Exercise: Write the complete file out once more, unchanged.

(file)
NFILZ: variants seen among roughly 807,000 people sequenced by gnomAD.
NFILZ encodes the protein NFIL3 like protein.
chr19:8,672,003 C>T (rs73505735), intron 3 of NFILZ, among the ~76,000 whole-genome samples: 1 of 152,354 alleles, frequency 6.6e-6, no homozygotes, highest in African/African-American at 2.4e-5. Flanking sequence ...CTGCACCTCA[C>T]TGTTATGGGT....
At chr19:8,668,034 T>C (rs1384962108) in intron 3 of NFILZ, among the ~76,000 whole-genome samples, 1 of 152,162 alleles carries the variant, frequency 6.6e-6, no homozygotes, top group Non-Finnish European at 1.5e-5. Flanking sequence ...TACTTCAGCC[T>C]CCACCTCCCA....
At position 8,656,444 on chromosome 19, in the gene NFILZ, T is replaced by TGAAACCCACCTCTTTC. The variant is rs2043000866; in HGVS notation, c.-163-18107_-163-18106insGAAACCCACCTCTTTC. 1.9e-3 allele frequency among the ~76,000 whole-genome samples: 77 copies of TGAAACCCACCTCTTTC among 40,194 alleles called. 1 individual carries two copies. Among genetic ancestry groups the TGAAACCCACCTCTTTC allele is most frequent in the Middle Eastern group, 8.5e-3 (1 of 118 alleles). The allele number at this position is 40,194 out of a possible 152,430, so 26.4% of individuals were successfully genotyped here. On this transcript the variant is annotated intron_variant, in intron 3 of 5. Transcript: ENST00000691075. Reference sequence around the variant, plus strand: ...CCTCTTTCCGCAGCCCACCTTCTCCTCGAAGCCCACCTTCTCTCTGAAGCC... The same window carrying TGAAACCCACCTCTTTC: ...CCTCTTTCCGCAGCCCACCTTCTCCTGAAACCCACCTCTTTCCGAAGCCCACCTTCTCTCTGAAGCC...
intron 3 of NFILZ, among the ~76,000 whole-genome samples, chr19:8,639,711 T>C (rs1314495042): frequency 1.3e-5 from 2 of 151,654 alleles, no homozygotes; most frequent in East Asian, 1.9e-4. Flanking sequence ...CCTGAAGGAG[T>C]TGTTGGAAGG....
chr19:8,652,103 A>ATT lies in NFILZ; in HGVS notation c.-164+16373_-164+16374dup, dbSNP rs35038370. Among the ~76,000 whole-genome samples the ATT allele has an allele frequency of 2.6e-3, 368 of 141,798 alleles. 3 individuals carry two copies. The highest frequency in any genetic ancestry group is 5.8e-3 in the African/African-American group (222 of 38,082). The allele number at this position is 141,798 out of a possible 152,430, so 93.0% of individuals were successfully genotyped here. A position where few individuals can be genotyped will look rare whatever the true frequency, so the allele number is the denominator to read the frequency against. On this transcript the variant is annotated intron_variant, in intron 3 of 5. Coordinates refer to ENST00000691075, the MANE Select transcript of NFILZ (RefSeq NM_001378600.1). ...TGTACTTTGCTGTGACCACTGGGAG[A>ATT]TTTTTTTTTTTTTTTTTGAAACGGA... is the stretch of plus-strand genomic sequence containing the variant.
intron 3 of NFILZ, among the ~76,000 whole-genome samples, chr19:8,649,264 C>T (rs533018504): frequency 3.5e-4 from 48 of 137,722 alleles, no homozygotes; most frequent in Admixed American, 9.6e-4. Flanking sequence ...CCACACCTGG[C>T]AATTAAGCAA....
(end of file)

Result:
NFILZ: variants seen among roughly 807,000 people sequenced by gnomAD.
NFILZ encodes the protein NFIL3 like protein.
chr19:8,672,003 C>T (rs73505735), intron 3 of NFILZ, among the ~76,000 whole-genome samples: 1 of 152,354 alleles, frequency 6.6e-6, no homozygotes, highest in African/African-American at 2.4e-5. Flanking sequence ...CTGCACCTCA[C>T]TGTTATGGGT....
At chr19:8,668,034 T>C (rs1384962108) in intron 3 of NFILZ, among the ~76,000 whole-genome samples, 1 of 152,162 alleles carries the variant, frequency 6.6e-6, no homozygotes, top group Non-Finnish European at 1.5e-5. Flanking sequence ...TACTTCAGCC[T>C]CCACCTCCCA....
At position 8,656,444 on chromosome 19, in the gene NFILZ, T is replaced by TGAAACCCACCTCTTTC. The variant is rs2043000866; in HGVS notation, c.-163-18107_-163-18106insGAAACCCACCTCTTTC. 1.9e-3 allele frequency among the ~76,000 whole-genome samples: 77 copies of TGAAACCCACCTCTTTC among 40,194 alleles called. 1 individual carries two copies. Among genetic ancestry groups the TGAAACCCACCTCTTTC allele is most frequent in the Middle Eastern group, 8.5e-3 (1 of 118 alleles). The allele number at this position is 40,194 out of a possible 152,430, so 26.4% of individuals were successfully genotyped here. On this transcript the variant is annotated intron_variant, in intron 3 of 5. Transcript: ENST00000691075. Reference sequence around the variant, plus strand: ...CCTCTTTCCGCAGCCCACCTTCTCCTCGAAGCCCACCTTCTCTCTGAAGCC... The same window carrying TGAAACCCACCTCTTTC: ...CCTCTTTCCGCAGCCCACCTTCTCCTGAAACCCACCTCTTTCCGAAGCCCACCTTCTCTCTGAAGCC...
intron 3 of NFILZ, among the ~76,000 whole-genome samples, chr19:8,639,711 T>C (rs1314495042): frequency 1.3e-5 from 2 of 151,654 alleles, no homozygotes; most frequent in East Asian, 1.9e-4. Flanking sequence ...CCTGAAGGAG[T>C]TGTTGGAAGG....
chr19:8,652,103 A>ATT lies in NFILZ; in HGVS notation c.-164+16373_-164+16374dup, dbSNP rs35038370. Among the ~76,000 whole-genome samples the ATT allele has an allele frequency of 2.6e-3, 368 of 141,798 alleles. 3 individuals carry two copies. The highest frequency in any genetic ancestry group is 5.8e-3 in the African/African-American group (222 of 38,082). The allele number at this position is 141,798 out of a possible 152,430, so 93.0% of individuals were successfully genotyped here. A position where few individuals can be genotyped will look rare whatever the true frequency, so the allele number is the denominator to read the frequency against. On this transcript the variant is annotated intron_variant, in intron 3 of 5. Coordinates refer to ENST00000691075, the MANE Select transcript of NFILZ (RefSeq NM_001378600.1). ...TGTACTTTGCTGTGACCACTGGGAG[A>ATT]TTTTTTTTTTTTTTTTTGAAACGGA... is the stretch of plus-strand genomic sequence containing the variant.
intron 3 of NFILZ, among the ~76,000 whole-genome samples, chr19:8,649,264 C>T (rs533018504): frequency 3.5e-4 from 48 of 137,722 alleles, no homozygotes; most frequent in Admixed American, 9.6e-4. Flanking sequence ...CCACACCTGG[C>T]AATTAAGCAA....